That’s not exactly a recipe for success if we start ramping up our activity out of nowhere. This year, players have not been able to practice with their teammates indoors or outdoors until very, very recently. Some athletes will have been training throughout this amorphous offseason at home with what they have available. But, as evidenced by the scarcity of home weight equipment, throwing equipment, and hitting equipment access our remote athletes demonstrated this year- not everyone has had equal opportunities.

The offseason is usually a time to reset the mind, set new goals, train, and add size and strength to an athlete’s frame. As the snow melts and it warms up outside, the offseason bleeds into spring outdoor practices, which usually start slow and build in volume and intensity as the first game of the season steadily marches closer. Players get their reps in. They continue to adapt to the strain of baseball specific loads (thanks in part to their offseason training). Most recognize this period as the amateur equivalent of Spring Training.

This year in Canada (specifically in Ontario), our “Spring Training” does not exist.

Teams and players alike are salivating with the opportunity to finally play some games. So are we. It’s been a hell of a long journey to get where we are today. But don’t rush into things at 100mph and expect to feel great after.

Recall our marathon analogy?

Adaptation takes time. Your tissues need adequate strain and recovery in order to improve your capabilities (known scientifically as the supercompensation theory of training adaptation).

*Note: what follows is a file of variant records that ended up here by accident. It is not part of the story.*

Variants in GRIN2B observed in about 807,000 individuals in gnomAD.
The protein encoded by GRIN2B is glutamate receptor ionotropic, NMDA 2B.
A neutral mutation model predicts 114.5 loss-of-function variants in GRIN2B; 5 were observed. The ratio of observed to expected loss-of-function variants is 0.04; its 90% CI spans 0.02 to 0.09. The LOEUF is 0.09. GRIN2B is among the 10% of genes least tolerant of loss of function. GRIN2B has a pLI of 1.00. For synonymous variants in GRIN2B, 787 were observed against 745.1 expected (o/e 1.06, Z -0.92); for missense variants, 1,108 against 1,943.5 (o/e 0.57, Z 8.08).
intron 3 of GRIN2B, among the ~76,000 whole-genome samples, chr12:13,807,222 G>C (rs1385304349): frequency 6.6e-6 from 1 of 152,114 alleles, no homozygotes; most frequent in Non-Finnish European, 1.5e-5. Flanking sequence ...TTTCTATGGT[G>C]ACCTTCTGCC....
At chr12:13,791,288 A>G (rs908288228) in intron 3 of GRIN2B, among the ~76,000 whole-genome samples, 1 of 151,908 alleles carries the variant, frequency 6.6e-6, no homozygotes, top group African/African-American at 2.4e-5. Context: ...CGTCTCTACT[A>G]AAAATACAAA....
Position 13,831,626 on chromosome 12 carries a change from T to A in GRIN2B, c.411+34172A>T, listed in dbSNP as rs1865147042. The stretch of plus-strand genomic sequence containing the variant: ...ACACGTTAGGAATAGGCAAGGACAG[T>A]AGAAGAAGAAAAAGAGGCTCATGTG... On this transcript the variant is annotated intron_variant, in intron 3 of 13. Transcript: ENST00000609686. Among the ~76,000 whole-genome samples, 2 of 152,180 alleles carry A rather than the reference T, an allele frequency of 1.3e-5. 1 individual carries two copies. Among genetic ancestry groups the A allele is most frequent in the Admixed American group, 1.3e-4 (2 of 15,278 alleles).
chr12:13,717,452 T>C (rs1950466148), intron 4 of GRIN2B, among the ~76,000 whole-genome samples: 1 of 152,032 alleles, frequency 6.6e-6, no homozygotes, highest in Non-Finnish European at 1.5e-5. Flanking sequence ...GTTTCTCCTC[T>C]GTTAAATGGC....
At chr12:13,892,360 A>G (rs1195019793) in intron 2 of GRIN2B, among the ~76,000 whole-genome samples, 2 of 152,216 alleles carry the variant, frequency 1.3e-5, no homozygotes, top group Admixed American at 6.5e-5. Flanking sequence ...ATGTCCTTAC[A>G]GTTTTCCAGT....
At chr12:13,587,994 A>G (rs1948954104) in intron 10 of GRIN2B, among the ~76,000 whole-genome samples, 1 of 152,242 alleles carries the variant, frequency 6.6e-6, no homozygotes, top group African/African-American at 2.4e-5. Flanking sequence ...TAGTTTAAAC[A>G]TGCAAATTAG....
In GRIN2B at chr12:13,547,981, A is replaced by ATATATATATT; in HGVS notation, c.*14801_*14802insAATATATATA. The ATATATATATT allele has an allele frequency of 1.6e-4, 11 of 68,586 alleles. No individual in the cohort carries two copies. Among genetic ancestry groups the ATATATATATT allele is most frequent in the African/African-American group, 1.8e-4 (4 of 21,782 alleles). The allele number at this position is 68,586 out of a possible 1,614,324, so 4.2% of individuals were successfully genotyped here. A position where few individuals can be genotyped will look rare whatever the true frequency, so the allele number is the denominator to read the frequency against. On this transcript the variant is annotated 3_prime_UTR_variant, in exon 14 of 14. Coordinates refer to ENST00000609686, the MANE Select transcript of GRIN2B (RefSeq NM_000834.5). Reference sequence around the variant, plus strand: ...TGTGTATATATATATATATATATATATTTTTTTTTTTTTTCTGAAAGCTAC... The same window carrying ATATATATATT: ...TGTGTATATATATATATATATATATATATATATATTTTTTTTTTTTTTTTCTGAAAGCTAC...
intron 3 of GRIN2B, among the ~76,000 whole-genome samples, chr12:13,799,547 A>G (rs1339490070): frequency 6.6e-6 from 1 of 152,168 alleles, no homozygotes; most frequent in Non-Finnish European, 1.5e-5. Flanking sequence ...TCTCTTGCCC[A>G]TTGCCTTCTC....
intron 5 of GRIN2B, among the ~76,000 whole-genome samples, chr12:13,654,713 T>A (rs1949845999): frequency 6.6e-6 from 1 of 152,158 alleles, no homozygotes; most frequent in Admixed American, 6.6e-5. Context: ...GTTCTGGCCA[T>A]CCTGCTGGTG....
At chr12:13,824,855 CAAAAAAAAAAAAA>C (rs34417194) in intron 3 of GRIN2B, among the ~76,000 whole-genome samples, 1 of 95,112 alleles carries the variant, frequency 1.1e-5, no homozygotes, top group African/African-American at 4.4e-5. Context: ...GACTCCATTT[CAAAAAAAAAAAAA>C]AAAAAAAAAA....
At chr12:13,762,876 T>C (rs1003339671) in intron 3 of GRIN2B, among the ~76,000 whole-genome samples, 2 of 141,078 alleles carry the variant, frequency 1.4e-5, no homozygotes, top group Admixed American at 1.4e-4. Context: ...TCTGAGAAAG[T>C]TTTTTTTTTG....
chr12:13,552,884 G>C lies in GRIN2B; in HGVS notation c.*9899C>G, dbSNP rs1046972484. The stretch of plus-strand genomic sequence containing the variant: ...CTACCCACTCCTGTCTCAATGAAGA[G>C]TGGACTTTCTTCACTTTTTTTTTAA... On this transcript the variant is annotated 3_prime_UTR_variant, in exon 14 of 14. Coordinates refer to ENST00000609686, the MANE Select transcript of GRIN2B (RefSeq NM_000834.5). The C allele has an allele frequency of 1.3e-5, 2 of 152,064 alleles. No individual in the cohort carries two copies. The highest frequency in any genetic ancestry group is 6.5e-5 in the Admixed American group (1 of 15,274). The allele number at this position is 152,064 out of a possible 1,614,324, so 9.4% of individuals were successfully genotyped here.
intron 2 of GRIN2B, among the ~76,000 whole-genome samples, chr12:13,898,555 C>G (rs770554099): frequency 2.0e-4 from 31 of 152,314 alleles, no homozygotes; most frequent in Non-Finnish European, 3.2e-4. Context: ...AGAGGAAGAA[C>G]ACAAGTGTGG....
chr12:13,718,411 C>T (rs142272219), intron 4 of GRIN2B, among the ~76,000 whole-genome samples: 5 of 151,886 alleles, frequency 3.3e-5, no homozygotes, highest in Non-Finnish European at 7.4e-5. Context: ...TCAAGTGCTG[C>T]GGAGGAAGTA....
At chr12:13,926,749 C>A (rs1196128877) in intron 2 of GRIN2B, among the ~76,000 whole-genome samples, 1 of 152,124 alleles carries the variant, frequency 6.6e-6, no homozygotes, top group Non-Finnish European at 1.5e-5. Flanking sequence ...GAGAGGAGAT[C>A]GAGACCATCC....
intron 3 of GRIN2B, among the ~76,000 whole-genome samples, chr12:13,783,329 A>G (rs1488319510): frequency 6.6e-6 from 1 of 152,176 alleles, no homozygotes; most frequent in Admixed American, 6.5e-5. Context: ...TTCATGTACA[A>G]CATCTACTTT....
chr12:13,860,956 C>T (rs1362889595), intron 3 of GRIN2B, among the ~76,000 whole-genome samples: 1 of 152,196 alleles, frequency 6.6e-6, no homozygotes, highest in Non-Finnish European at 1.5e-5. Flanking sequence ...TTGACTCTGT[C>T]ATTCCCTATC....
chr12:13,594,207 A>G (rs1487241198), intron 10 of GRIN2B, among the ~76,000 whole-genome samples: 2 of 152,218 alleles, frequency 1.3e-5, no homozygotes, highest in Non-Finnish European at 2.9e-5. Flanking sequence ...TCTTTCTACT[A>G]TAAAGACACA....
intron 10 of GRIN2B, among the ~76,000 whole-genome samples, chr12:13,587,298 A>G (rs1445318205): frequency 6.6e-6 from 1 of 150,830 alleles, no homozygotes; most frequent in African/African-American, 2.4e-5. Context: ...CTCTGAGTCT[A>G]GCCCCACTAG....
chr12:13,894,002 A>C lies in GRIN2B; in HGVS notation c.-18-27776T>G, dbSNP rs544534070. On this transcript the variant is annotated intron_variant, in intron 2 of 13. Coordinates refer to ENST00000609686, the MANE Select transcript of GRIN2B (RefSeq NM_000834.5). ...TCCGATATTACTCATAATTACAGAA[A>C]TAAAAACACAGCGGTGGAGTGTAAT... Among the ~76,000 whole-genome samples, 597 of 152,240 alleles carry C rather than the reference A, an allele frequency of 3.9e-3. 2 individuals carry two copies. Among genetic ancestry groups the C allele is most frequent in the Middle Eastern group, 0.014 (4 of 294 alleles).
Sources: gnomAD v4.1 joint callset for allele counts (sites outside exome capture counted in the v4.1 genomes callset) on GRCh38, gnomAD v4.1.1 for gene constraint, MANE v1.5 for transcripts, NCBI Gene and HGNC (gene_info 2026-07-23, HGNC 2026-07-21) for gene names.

In this case, small but reasonable increases in strain above the system’s capabilities are followed by periods of rest, which then recalibrates the system to a slightly greater capacity. By reaching just beyond the current means, the system can rebuild itself beyond it’s previous baseline.

By gradually raising your tolerance to distance running, you will eventually be able to handle the strain without breaking down.

By steadily increasing intensity and volume of baseball specific loads, you will achieve something similar.


So What Should you Do? Players: I am not telling you to skip practices, avoid throwing too much, and feel scared about hurting yourself.

What I am advocating for is for you to listen to your body. If you start to notice your arm is getting tired or sore, let your coach know and see if you can shag balls or play first base. There is no sense in pushing past pain and fatigue just so that you can practice with your team. Especially early in the season.

Recall that strain can come in more forms than just the mechanical load of baseball. If you don’t sleep well, break up with your significant other, have a hard day at work/school – you’re still subjecting your body to strain.

Your body needs to be prepared for what you’re asking it to do. Get outside, play catch with your teammates, and find your normal. Have fun.

Coaches: talk to your players. Ask them how they’re feeling. Ask about how much throwing and lifting they did this winter. Did they have access to training? How ready are they, realistically, to practice/play 5x per week? To throw 4 innings 2 weeks in?

Players are going to be amped to get back onto the ballfield, and are going to try and convince you to let them play whenever they can. Manage them accordingly. Build them up gradually. Ensure that your practices are getting progressively harder, and give them time to recover.

If you’re a parent, coach, player, and all of this sounds confusing – reach out.

We’re happy to help.